Manual of the Orthoptera of New England: Including the Locusts, Grasshoppers, Crickets, and Their Allies

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society, 1920 - Orthoptera - 354 pages
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Page 265 - In consequence, the hay crop was seriously diminished in value. So ravenous had they become that they would attack clover, eating it into shreds. Rake and pitchfork handles, made of white ash, and worn to a glossy smoothness by use, would be found nibbled over by them if left within their reach. As soon as the hay was...
Page 301 - The damage they do is not only in the products actually consumed, but in the soiling and rendering nauseous of everything with which they come in contact. They leave, wherever they occur in any numbers, a fetid, nauseous odor, well known as the "roachy...
Page 346 - I first noticed this while watching one of the little creatures close beside me ; as a cloud passed over the sun he suddenly changed his note to one with which I was already familiar, but without knowing to what insect it belonged. At the same time all the individuals around me, whose similar day song I had heard, began to respond with the night cry; the cloud passed awa\-, and the original note was resumed on all sides.
Page 244 - ... insect's environment. Earth tints, rock and sand textures, the infinitely varied browns, greens, and grays of living and dead vegetation, yellow, orange, rose, and silvery white are all represented in spots and streaks, the effect being to merge the insect indistinguishably into its background while at rest, thus shielding it in a very high degree from the observation of its foes. These colors are of great protective value at the present time, natural selection continually acting to preserve...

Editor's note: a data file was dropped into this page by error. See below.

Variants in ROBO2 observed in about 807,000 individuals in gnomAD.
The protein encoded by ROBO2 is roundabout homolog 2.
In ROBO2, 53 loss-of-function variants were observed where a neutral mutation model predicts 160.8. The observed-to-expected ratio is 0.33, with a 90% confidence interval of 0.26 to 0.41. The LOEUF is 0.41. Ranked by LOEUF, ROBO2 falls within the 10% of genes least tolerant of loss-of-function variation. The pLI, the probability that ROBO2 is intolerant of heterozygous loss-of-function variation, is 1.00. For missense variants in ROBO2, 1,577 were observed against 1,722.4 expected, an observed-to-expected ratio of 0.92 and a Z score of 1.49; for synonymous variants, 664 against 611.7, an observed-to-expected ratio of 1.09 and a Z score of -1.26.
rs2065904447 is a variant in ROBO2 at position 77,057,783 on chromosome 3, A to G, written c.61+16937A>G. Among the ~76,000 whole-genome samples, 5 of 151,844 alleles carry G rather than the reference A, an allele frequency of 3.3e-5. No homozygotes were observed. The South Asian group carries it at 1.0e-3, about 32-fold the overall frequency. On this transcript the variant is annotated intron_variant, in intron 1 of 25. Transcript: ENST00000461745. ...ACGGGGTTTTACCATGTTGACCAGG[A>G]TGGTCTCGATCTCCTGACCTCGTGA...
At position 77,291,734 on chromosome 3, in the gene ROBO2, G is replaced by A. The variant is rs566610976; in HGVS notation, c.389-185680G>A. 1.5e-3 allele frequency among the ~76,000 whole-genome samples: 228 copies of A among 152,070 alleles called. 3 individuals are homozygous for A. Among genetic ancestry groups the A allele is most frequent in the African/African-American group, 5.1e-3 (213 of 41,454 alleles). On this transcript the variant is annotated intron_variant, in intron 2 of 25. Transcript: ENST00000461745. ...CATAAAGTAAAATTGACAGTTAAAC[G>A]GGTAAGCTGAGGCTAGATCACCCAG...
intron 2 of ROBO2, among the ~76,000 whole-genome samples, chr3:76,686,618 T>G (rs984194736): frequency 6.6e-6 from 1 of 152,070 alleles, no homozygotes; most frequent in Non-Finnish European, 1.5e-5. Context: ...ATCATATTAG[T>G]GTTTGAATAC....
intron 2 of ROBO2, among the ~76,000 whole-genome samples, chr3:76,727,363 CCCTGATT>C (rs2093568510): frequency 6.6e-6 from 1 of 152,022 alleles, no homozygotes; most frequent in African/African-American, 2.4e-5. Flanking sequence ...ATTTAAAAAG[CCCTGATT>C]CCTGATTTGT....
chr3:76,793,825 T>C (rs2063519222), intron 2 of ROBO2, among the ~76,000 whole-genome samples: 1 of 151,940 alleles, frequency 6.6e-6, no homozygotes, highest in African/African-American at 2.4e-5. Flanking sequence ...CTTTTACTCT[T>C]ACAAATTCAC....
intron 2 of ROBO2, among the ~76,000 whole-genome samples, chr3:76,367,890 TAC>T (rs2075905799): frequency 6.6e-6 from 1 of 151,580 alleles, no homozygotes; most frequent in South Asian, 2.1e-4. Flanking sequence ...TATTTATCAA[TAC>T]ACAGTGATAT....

Page 309 - As the long-winged males are attracted by light, country houses are often badly infested with them; and where food is scarce, the wall paper is sometimes much injured for the sake of the paste beneath. What the hordes of young which dwell under the bark of logs live upon is a question as yet unsettled, but the larvae of other insects undoubtedly form a portion of their food, as in two instances I have found them feeding upon the dead grubs of a Tenebrio beetle; while living as well as decaying vegetable...
Page 323 - By the middle of August the bulk of the pests were going through their last molt, and by the end of autumn they had stripped most of the trees, showing, however, a decided preference for the black, red, and rock-chestnut oaks over the white oaks and hickories, which they affect but little till after the first-mentioned trees are stripped.
Page 324 - They settle to roost on the witch-hazel, but do not defoliate it until the other trees mentioned are pretty bare. Sumach and thorn are also little affected, while peach and apple in an adjoining orchard were untouched. Whenever they have entirely stripped the trees and shrubs they move in...
Page 291 - So far as I am aware, this is the only instance of a Public Library in one of our great towns being on what may be termed the
Page 391 - Usually most of our North American Grylli live singly or in pairs in burrows which they dig for themselves. These are used as retreats during the day time and serve as shelter from ordinary inclemencies of weather. These burrows are generally forsaken about midsummer for some sort of above-ground shelter. From this time on, until fall, they appear to be more social and live in colonies under various sorts of rubbish. Grain shocks are a favorite haunt for them, and since twine has been used for binding,...
Page 281 - Dorsum of abdomen exposed posteriorly, horny. Order DERMAPTERA, Family Forficulidae of authors, p. 283. AA. Abdomen without forceps-like appendages at end, or if so, with tarsi five-jointed. Wings, if present, folded in fan-like plaits to their base and covered more or less completely by stiffer, parchment-like wing-covers. Order ORTHOPTERA. B. Legs equal or nearly equal in size, the hind thighs not distinctly enlarged for leaping. Auditory and sound-producing organs absent. Tegmina (wing-covers)...

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